Redo Immediate Implant

Suddenly several teeth of a 84-year-old man breaks down (#13-15 FPD, #29,30 single units).  The implant at the site of #18 has mobility.  It appears to be the best to redo immediate implant.  The existing 7x17 mm tapered implant is removed without difficulty.  The socket walls are basically intact.  The socket is debrided with removal of bone graft, copious irrigation and Clindamycin soaking.  Osteotomy depth is increased approximately 4 mm (Fig.1) with 2.5-4.5 mm drills.  A 6 mm round tap is inserted 3 mm less than expected (Fig.2).  The osteotomy is enlarged with 4.9 and 5.9 mm drills at the depth of 17 mm.  A 7x17 mm cylindrical implant does not reach the depth of 17 mm (Fig.3).  A 8x17 mm tapered tap is inserted relatively easy, but with marginal stability.  The osteotomy is then repeatedly enlarged with 5, 5.5 and 6 mm reamers at slightly more than 17 mm.  Finally the 7x17 mm straight implant is placed at a desirable level with insertion torque more than 60 Ncm (Fig.4).  The top of the implant is equigingival, whereas the apical end is ~ 3 mm from the inferior alveolar canal.  It appears that a 7x20 mm straight implant may be too long.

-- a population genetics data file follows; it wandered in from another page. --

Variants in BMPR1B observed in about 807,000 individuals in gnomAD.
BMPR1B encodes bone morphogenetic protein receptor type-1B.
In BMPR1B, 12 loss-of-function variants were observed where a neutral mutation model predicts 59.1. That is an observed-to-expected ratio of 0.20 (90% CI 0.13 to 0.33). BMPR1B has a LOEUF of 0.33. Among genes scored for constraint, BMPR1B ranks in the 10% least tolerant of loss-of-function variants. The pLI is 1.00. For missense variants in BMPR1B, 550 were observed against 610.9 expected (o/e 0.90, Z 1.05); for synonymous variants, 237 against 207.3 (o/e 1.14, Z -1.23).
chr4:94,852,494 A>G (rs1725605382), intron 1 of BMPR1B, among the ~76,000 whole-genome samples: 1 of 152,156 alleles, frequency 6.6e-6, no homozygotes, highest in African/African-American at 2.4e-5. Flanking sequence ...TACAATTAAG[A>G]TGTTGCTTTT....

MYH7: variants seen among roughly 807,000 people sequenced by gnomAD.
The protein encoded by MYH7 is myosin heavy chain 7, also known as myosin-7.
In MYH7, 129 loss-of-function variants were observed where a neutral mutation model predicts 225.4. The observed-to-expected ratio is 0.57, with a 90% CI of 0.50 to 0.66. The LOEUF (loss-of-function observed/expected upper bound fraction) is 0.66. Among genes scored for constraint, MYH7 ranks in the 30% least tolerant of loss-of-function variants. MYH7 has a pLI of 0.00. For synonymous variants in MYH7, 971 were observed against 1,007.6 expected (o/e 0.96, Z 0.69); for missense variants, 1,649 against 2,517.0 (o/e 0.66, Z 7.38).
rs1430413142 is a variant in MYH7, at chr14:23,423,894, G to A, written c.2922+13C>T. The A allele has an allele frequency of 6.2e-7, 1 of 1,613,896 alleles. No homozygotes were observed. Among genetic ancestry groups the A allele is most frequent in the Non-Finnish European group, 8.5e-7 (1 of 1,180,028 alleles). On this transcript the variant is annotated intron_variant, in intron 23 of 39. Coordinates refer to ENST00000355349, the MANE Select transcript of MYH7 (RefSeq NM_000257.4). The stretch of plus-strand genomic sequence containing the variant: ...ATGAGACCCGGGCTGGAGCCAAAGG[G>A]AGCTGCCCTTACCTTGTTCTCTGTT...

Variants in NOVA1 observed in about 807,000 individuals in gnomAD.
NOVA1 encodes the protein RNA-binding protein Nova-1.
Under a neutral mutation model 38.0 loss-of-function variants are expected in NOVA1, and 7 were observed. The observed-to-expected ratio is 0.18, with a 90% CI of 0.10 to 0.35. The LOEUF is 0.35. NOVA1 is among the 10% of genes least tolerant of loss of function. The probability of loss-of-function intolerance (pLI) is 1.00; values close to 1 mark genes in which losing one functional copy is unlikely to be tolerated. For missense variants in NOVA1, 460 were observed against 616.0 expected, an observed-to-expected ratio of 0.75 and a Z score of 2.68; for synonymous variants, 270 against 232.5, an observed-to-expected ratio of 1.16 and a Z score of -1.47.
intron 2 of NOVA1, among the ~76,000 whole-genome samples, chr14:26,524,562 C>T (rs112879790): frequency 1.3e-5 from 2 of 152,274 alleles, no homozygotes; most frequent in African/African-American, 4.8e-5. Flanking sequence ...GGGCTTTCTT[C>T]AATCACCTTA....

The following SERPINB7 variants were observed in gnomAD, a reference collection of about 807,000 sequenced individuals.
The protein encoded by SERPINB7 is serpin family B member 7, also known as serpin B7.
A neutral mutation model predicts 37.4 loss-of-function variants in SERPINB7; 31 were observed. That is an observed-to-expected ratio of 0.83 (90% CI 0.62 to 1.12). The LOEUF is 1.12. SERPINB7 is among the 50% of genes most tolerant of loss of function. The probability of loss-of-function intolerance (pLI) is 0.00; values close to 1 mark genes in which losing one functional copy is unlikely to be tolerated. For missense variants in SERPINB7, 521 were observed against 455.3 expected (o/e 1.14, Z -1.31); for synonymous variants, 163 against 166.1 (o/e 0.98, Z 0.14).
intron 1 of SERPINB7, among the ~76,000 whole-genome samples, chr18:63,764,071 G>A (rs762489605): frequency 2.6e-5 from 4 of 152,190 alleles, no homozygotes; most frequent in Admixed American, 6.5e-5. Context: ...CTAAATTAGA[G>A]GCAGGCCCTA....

The implant remains stable 3 months post 2nd immediate placement (Fig.5,6).  A permanent crown is cemented 7 months postop.  The crestal bone between #18 and 19 has started to grow coronally 2 months post cementation (Fig.7 <) and continues to do so 4 months post cementation (Fig.8,9 *).

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Xin Wei, DDS, PhD, MS 1st edition 05/01/2014, last revision 04/14/2015